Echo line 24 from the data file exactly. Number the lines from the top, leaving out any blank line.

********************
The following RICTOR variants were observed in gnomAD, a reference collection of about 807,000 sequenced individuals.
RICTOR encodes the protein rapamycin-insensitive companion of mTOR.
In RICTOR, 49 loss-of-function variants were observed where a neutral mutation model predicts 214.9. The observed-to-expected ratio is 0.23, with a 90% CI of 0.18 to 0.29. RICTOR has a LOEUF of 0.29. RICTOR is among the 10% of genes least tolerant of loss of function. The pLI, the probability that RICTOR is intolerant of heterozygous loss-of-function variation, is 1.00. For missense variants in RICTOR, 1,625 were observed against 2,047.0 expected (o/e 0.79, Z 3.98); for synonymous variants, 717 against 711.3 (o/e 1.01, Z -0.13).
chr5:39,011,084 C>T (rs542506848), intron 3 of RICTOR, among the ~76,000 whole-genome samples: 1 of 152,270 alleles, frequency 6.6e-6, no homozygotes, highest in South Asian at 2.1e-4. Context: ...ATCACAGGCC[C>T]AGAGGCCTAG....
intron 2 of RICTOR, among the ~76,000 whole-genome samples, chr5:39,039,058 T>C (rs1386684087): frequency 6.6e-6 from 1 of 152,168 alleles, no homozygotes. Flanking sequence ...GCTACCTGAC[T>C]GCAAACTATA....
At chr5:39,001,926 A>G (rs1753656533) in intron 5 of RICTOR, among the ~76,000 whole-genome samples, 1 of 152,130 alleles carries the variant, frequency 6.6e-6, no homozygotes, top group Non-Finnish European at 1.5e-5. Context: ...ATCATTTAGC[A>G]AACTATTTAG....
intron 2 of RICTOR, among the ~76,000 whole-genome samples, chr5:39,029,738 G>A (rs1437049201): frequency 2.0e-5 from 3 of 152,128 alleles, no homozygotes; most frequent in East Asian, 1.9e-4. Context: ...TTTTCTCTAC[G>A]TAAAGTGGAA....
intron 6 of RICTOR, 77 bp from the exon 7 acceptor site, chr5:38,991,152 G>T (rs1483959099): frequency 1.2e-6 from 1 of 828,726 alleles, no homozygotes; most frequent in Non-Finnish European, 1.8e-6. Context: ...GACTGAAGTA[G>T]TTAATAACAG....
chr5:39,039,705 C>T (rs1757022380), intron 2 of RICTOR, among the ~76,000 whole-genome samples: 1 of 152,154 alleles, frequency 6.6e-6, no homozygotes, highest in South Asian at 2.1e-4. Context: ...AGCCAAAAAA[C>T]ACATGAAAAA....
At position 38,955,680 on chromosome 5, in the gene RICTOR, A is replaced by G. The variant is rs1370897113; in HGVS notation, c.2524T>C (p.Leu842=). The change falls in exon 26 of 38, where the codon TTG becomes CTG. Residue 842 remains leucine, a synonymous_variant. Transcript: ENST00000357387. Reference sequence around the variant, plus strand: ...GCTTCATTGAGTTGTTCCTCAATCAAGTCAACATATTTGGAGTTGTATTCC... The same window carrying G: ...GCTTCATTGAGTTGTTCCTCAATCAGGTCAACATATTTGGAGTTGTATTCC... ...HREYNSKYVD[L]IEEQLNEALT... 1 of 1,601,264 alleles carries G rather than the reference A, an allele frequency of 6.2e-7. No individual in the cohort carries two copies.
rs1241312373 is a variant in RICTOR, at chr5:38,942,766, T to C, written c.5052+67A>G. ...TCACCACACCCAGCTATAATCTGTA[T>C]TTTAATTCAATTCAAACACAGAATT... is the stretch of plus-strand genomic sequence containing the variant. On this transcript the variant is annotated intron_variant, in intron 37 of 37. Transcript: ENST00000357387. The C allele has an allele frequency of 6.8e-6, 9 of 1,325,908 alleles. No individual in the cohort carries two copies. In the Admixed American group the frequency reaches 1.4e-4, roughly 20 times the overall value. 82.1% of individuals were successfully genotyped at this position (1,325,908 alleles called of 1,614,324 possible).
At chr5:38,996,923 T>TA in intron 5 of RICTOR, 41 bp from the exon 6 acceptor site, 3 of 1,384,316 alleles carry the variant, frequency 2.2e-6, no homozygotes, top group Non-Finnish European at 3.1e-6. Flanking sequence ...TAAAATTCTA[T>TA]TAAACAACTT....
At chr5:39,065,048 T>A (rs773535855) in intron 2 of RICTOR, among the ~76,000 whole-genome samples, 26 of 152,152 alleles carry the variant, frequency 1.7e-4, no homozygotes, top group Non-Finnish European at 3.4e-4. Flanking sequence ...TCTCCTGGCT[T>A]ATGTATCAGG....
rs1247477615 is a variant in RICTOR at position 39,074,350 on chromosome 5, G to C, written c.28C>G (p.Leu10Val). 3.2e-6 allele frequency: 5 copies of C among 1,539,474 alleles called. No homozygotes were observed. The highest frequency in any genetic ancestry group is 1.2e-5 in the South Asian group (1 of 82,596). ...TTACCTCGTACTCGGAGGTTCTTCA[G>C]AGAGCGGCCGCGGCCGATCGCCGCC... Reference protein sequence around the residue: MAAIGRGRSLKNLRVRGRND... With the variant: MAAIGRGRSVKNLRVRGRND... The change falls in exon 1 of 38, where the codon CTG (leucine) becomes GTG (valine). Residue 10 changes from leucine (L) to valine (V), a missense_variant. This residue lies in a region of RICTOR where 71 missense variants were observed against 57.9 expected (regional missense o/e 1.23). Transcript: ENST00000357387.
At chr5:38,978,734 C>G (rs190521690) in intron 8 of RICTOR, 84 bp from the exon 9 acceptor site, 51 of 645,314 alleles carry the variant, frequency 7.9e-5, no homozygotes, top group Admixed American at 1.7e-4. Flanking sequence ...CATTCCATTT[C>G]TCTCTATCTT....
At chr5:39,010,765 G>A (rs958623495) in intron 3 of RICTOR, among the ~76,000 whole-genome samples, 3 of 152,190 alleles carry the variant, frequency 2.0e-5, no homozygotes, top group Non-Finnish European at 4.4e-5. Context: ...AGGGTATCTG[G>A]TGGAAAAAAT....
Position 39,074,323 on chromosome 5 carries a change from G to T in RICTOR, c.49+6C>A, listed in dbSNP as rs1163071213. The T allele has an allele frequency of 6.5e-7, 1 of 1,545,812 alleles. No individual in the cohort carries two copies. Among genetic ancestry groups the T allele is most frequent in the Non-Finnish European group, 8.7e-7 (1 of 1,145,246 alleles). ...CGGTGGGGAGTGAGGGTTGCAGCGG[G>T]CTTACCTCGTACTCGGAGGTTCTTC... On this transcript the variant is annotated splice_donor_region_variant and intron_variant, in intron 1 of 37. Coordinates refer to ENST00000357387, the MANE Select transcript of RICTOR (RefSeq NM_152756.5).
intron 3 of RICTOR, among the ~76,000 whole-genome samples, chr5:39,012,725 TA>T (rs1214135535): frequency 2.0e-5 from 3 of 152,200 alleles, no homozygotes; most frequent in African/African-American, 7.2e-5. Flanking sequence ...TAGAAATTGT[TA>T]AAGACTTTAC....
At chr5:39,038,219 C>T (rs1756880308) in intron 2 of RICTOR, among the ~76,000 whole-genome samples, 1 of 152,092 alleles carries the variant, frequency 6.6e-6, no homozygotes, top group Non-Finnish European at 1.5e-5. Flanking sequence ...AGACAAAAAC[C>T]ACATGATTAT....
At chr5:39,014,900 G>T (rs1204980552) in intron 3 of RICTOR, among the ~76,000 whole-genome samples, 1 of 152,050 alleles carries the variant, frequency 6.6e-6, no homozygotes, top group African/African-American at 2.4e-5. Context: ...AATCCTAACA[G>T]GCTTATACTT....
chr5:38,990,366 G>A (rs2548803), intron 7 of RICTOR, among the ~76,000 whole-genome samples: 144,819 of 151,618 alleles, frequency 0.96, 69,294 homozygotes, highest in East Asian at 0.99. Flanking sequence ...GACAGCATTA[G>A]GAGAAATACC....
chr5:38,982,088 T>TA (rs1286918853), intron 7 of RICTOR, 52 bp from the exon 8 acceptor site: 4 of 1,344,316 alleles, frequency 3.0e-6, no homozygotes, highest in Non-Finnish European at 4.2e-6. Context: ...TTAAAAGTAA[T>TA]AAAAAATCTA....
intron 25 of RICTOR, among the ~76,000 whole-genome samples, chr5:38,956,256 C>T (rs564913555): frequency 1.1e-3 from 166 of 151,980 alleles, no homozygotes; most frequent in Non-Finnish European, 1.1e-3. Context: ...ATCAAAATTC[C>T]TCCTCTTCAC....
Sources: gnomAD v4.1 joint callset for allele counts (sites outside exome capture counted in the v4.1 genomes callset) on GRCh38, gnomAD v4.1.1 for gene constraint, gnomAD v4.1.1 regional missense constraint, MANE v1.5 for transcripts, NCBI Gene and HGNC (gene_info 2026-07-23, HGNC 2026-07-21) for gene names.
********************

Sources: gnomAD v4.1 joint callset for allele counts (sites outside exome capture counted in the v4.1 genomes callset) on GRCh38, gnomAD v4.1.1 for gene constraint, gnomAD v4.1.1 regional missense constraint, MANE v1.5 for transcripts, NCBI Gene and HGNC (gene_info 2026-07-23, HGNC 2026-07-21) for gene names.